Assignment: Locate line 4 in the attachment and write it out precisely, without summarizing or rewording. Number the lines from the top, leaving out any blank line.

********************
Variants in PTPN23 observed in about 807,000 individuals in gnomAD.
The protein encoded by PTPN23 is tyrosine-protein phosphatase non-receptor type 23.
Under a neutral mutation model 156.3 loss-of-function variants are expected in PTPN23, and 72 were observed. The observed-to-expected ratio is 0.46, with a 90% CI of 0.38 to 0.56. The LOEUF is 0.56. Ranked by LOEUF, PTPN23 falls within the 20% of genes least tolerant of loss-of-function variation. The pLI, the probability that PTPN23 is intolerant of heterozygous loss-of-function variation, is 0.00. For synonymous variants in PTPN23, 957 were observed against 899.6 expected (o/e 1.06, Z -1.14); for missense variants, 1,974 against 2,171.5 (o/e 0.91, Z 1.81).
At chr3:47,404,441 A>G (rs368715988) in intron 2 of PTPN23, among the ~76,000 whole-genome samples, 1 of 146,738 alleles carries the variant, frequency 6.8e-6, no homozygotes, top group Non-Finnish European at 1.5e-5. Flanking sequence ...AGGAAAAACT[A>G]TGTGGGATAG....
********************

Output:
At chr3:47,404,441 A>G (rs368715988) in intron 2 of PTPN23, among the ~76,000 whole-genome samples, 1 of 146,738 alleles carries the variant, frequency 6.8e-6, no homozygotes, top group Non-Finnish European at 1.5e-5. Flanking sequence ...AGGAAAAACT[A>G]TGTGGGATAG....